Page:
Lessons from the Living Future unConference

I just returned from my first outing to the Living Future unConference, hosted by the International Living Future Institute. From conference keynotes to session leaders, I heard some things that were worth writing down…and some that I even want to frame in my house for daily inspiration! In honor of my lessons learned, I present an (un)blog post.

1) Favianna Rodriguez: As the conference’s first-ever artist in residence, Favianna led a session on re-shaping culture through art-based interventions, hosted lunchtime “healing art clinics,” and served as a speaker at the opening night reception. During the latter, she appealed for more active inclusion of artists in the sustainability community. She made a strong case.

  • Artists are willing to create juicy narratives for change and are a huge untapped resource. (Consider this: when Leonardo DiCaprio used his Oscar win to create a platform for climate action, Google searches for “climate change” rose by 261 percent and tweets about climate change and global warming went up 636 percent, according to The Independent.)
  • Artists help us see the world through vastly different lenses, and we need imagination to solve society’s problems.
  • To ignite social change, we need action in culture, politics, and economics – and culture often arrives there the quickest. (For example, Favianna noted that, in 1997, Ellen DeGeneres became the first openly gay lead character on TV in an episode viewed by 44 million people. That was nearly 20 years before the Supreme Court legalized same-sex marriage across the U.S.)

Van Jones delivers the opening keynote.

2) Van Jones (CNN political contributor, best-selling author, founder of DreamCorps):  “You will make great buildings…but will you make a great society? A great civilization?” – on what our green building community can do with our expertise 

3) Amanda Sturgeon (CEO, International Living Future Institute): “Every building can be a catalyst for change.” – on the ability of buildings to educate and inspire our communities

4) Kirsti Luke (chief executive, Tūhoe Te Uru Taumatua, Ngāi Tūhoe’s Tribal Authority; conference keynote speaker): “The Living Building Challenge is hard. But nature is full of hardships and we should welcome them.” – on achieving the Living Building Challenge certification

5) Mikhael Davis (Interface): “There are no sustainable materials. A sustainable material only comes from a sustainable system and we don’t have any of those. It is a value judgment. We have to make those decisions based on what is most important to us.” – on selecting the perfect building materials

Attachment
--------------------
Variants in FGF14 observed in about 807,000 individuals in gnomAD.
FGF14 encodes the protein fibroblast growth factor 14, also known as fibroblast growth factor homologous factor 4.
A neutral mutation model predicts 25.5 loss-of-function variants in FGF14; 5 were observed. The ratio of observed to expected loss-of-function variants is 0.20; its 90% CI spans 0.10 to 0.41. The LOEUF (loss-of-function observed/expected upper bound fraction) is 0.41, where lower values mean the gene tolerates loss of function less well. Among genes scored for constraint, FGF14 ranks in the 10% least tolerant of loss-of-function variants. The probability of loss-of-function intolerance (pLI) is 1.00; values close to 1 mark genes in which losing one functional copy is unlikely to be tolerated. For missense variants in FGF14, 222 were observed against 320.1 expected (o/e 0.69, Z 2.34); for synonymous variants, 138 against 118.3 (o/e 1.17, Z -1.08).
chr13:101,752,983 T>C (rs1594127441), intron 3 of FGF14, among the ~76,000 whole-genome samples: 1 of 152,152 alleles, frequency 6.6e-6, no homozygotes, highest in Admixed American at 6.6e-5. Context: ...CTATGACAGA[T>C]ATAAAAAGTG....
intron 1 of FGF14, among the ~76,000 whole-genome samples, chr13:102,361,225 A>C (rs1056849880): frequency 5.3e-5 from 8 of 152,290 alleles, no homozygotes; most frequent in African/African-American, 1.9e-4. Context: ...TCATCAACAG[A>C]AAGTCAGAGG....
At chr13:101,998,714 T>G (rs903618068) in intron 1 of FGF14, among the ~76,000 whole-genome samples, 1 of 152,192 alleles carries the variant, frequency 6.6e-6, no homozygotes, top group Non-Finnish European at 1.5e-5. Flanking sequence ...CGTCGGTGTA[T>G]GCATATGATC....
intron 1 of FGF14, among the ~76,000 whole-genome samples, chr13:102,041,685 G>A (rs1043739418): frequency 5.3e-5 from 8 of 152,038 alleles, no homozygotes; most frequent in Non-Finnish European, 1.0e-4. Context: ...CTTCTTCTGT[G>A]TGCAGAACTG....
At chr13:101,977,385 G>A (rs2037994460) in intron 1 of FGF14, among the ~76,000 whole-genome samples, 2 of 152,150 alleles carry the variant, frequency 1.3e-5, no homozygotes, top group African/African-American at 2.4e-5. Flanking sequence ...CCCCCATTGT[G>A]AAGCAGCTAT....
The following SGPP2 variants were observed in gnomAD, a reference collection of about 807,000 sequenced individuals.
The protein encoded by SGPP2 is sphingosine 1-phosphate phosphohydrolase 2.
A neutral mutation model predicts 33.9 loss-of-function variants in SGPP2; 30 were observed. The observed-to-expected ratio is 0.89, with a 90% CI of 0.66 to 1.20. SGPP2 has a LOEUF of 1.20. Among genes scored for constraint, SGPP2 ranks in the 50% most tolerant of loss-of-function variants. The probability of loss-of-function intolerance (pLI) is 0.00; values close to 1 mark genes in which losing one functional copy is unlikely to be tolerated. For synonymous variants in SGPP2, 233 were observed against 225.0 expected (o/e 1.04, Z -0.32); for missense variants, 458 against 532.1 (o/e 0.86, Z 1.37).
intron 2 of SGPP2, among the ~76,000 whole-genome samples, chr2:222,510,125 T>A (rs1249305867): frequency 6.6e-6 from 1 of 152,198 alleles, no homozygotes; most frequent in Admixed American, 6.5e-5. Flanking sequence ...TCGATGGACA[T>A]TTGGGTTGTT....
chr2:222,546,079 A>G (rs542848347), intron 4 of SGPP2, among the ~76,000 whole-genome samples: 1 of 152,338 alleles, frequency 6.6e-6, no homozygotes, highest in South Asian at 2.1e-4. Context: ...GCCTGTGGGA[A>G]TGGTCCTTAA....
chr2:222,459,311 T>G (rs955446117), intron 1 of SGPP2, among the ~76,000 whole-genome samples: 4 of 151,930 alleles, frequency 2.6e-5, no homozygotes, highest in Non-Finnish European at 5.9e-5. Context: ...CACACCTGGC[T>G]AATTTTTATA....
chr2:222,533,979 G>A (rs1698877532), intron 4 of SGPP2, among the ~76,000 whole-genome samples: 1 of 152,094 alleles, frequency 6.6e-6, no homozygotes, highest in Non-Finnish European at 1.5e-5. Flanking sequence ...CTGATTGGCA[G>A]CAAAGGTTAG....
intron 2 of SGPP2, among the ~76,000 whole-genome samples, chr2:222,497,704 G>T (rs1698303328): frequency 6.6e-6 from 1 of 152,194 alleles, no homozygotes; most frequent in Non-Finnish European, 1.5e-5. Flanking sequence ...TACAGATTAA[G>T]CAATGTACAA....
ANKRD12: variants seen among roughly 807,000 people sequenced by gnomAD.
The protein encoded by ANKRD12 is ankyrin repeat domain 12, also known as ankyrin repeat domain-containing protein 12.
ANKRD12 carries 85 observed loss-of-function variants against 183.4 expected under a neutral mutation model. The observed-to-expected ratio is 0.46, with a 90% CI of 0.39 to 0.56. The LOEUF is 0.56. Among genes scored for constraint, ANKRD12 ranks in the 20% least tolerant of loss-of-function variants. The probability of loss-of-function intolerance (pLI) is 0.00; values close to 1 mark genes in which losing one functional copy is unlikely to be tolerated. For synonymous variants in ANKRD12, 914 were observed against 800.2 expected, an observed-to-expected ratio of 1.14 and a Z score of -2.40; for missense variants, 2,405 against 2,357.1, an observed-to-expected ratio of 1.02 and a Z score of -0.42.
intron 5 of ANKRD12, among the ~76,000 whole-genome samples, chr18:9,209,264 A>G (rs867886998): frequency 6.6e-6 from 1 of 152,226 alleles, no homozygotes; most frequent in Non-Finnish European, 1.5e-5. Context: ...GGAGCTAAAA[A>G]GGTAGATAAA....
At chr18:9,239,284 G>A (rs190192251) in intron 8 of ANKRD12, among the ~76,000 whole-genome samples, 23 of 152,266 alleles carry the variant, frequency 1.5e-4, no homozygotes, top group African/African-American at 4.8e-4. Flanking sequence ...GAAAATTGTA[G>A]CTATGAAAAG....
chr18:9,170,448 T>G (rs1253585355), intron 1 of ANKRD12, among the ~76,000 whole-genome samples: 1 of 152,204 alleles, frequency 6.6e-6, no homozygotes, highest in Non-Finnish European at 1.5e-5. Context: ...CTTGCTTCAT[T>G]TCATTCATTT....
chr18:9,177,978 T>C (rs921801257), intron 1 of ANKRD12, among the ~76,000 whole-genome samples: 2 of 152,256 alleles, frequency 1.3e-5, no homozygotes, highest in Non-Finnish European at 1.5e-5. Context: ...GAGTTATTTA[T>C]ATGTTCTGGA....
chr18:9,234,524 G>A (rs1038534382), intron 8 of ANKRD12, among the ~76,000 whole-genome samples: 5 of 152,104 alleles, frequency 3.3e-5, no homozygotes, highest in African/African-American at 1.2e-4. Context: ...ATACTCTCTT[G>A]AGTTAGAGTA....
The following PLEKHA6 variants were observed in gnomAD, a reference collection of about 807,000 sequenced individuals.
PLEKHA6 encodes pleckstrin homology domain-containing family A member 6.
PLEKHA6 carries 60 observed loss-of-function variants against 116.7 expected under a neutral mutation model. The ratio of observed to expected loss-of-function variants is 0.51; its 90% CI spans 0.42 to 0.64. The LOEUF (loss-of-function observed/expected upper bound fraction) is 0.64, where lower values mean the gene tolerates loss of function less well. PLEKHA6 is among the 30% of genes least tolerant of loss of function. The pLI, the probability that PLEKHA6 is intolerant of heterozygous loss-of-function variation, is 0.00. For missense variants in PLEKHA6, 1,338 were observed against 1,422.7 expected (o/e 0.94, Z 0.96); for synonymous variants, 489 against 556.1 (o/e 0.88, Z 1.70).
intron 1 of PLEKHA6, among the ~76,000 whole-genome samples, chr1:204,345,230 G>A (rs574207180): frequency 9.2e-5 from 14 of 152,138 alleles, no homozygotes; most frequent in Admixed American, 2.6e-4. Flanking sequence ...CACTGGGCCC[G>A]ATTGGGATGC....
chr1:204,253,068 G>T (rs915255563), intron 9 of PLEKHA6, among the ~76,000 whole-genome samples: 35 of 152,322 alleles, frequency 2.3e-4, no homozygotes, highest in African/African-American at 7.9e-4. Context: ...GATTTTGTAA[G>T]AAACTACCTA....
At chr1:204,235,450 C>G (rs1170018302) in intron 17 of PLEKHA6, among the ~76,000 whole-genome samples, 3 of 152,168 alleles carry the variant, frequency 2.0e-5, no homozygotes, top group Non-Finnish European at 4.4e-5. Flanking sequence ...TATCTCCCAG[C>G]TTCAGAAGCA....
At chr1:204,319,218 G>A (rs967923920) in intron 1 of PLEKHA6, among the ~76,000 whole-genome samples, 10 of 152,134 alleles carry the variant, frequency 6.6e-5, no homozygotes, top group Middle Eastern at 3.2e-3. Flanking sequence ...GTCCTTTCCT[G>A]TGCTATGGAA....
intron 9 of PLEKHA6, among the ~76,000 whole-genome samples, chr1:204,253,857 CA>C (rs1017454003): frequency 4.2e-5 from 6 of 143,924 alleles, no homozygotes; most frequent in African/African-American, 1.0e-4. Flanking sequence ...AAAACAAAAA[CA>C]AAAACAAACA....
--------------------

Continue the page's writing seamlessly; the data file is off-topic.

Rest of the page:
Finally, Jerome Partington (sustainability manager and senior associate, Jasmax), provided this beautiful Karakia timatanga blessing (usually used to greet the day or start a meeting) when he introduced Kirsti Luke’s keynote address:

Puget Sound and the Cascade Mountains provided a stunning setting for the conference.

Cease the winds from the West
Cease the winds from the South
Let the breezes blow over the land
Let the red-tipped dawn come
With sharpened air
A touch of frost, a promise of
A glorious day.

PITTSBURGH HIGHLIGHTS

Pittsburgh made a strong showing at the conference and I found myself on the receiving end of many questions about our green transformation.

  • Carnegie Mellon University’s Vivian Loftness spoke in a session about using research to accelerate biophilic design.
  • PJ Dick’s Noah Shaltes and Bohlin Cywinski Jackson’s Patricia Culley gave a presentation regarding the design and construction of the Frick Environmental Center.
  • Patricia Culley and GBA’s Jenna Cramer participated in a session with Emerge Leadership’s Kathleen O’Brien on addressing mindsets and creating conditions for change through conversation.
  • The launch of ILFI’s Living Product Hub in Pittsburgh (led by long-time GBA friend Benson Gabler) was celebrated during Amanda Sturgeon’s opening address and I met several people throughout the conference who wanted to learn more about it. Super cool!

If you are looking for a mix of intimate discussion, (un)heard perspectives, and personally challenging thought exercises, you need not wait nor travel to Seattle. Check out ILFI’s Living Product Expo right here in Pittsburgh and spend September planning next year’s vision board!

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